My bosses’ comfort zones were in hardware-centric innovation, not in software. They didn’t expect a future where every computing device would have a sound card. They were skeptical about translators’ requests to “go digital.” They insisted good old-fashioned cassette tape recorders were “good enough.”
I listened to the translators’ ideas. Contrary to my own bosses’ objections, I created new digital audio recording (dictation) software for MS Windows. It was groundbreaking in its day.
Translators in their new PC-enabled comfort zones worked with new digital recordings. They reused skills they had already learned and enjoyed new benefits. They contributed ideas to what became their next-generation translator workstation.
A New Career With Machine Translation
I moved to the private sector In 1997 after 12 years in government. For two decades, I’ve continued my career supporting translators, first with speech recognition technologies. Ten years ago, I transitioned to specialize in machine translation.
Today’s translation services environment is changing. New, more capable technologies are replacing perfectly functional old technologies. They open opportunities for those willing to learn. They close doors on those who cling to the past.
In today’s freelance-driven market, managers aren’t forcing changes on the translators like they did in 1985. No one is forcing translators to change and learn. Clients and agencies expect their contractors to be independent and self-motivated learners.
Translators weren’t demanding new machine translation software in 2010 when I started this journey. I saw machine translation technology’s potential as a translator’s tool. After all, who benefits the most from learning how to use a corpus-based translation technology? I concluded the translators who create the corpus stand the most to gain.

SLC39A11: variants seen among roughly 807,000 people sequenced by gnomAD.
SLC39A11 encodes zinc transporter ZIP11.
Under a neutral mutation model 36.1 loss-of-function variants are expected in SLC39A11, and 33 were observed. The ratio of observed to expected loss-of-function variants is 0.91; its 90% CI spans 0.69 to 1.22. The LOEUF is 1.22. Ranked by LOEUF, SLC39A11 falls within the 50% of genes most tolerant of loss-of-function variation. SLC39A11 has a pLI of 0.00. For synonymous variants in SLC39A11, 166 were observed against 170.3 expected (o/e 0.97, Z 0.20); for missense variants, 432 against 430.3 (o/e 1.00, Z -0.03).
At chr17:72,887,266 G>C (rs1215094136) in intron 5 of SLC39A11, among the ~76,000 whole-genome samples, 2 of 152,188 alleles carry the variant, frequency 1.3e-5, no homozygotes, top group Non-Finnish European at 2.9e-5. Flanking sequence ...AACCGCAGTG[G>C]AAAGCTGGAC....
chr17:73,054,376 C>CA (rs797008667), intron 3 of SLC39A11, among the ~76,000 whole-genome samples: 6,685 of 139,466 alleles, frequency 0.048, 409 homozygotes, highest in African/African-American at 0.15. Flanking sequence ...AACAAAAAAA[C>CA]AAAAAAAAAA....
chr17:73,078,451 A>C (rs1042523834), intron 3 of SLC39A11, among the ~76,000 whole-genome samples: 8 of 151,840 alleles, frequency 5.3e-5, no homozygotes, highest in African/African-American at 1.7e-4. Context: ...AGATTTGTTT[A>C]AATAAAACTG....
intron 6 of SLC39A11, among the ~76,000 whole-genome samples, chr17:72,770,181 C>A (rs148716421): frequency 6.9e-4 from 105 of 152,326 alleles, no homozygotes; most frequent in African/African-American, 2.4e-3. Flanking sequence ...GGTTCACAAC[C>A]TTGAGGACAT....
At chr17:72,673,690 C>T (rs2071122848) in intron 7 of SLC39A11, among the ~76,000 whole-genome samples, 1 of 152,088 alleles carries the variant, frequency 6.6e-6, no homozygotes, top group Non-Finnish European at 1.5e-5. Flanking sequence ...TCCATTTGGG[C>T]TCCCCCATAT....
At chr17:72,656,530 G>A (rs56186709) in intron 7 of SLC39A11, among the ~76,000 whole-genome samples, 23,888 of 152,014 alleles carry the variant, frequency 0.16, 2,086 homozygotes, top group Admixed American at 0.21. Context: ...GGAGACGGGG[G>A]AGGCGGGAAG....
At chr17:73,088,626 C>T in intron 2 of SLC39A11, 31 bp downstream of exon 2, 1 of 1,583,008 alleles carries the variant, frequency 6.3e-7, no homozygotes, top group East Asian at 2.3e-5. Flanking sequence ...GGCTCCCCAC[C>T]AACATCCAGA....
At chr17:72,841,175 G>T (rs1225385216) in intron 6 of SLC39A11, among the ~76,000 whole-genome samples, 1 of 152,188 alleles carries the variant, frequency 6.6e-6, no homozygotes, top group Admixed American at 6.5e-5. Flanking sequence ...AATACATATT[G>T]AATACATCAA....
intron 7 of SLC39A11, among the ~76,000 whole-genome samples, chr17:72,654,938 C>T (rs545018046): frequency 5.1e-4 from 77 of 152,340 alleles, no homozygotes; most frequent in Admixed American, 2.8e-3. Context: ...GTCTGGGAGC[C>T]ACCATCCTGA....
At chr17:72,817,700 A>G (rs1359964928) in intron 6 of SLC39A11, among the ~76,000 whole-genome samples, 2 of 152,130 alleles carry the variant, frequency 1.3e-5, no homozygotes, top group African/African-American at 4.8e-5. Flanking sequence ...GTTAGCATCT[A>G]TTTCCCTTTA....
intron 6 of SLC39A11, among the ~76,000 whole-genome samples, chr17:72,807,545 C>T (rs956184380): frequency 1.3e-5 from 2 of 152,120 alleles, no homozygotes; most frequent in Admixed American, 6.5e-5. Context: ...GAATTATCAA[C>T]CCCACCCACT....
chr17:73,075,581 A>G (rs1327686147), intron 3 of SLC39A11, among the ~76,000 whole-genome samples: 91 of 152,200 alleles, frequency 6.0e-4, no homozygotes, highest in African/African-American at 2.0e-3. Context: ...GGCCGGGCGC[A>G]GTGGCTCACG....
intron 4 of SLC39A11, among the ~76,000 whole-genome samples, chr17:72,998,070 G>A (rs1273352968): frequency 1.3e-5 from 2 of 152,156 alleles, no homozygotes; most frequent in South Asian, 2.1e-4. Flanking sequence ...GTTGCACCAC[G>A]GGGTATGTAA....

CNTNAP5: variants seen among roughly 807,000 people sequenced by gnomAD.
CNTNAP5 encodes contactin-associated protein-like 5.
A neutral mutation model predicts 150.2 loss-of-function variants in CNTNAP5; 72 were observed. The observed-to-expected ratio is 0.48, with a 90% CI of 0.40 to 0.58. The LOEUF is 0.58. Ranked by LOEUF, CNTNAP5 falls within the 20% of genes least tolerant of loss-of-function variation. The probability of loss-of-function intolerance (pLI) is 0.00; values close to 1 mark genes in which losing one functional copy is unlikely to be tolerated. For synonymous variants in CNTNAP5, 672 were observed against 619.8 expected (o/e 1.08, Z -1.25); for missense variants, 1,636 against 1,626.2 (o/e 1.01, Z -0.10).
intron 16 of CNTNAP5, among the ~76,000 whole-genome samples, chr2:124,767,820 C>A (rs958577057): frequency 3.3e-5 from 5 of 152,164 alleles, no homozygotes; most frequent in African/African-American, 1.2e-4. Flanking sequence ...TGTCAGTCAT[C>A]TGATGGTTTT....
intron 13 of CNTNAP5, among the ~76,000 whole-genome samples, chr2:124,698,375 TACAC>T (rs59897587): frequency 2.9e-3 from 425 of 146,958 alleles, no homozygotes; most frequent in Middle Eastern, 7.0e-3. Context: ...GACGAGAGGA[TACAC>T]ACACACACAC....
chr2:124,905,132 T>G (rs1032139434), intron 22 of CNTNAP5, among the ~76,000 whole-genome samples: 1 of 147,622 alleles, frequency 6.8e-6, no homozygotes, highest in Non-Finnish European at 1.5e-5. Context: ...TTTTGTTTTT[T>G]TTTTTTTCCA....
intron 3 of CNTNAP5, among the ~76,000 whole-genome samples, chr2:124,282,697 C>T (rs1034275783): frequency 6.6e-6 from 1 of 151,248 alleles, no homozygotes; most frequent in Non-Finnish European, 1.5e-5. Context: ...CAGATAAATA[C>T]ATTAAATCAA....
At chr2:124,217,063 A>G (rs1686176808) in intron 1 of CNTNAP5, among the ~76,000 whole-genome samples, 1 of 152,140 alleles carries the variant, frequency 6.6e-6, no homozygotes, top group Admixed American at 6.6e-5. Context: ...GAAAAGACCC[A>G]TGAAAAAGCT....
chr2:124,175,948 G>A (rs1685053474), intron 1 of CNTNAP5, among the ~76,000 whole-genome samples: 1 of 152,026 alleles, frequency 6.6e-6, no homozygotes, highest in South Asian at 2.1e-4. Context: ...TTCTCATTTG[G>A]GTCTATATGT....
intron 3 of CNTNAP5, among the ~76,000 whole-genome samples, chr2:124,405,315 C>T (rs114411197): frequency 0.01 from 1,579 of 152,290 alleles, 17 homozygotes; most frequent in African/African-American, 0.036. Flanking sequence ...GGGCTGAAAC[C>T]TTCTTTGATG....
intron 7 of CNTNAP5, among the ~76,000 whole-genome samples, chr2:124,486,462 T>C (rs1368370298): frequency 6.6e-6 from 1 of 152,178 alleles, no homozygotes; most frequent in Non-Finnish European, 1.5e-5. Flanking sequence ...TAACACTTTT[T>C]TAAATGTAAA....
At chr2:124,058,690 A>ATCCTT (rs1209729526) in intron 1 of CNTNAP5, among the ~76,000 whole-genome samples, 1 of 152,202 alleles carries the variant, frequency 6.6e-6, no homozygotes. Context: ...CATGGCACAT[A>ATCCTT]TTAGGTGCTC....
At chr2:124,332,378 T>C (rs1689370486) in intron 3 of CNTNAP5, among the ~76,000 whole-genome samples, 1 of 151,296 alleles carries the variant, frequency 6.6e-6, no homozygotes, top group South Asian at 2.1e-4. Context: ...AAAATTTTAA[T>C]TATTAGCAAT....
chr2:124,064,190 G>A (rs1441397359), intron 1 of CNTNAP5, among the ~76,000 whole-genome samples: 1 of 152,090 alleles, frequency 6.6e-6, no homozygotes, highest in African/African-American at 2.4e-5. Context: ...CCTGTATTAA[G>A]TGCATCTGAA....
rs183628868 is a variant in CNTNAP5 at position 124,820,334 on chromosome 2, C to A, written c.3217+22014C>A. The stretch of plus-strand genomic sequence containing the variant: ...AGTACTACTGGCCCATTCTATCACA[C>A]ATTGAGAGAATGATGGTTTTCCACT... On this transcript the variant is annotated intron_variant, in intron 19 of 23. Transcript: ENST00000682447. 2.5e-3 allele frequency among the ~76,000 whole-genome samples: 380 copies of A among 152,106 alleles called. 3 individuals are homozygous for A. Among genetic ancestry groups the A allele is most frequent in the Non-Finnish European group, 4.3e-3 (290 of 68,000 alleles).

I’ve lived, eaten and breathed translation services all my life. I’ve lived and worked in 57 countries. I started in Iran. I’ve worked in every country in Latin America. Japan was my home for 2 years. I’ve been an American expatriate in Bangkok, Thailand since 2002.
I’m not a translator nor do I pretend to be one. I leave translation to translators. Yet, my intimacy with translation and respect for translators as my colleagues gives me a perspective to see what’s in their blind spots.
I built a business around a user-friendly technology that challenges a translators’ comfort zone and offers benefits not available anywhere else.
If you’re a translator or you represent a small translation team or small agency, I’ll leave you with one parting question. Is it possible that there are things about machine translation that you don’t know that you don’t know?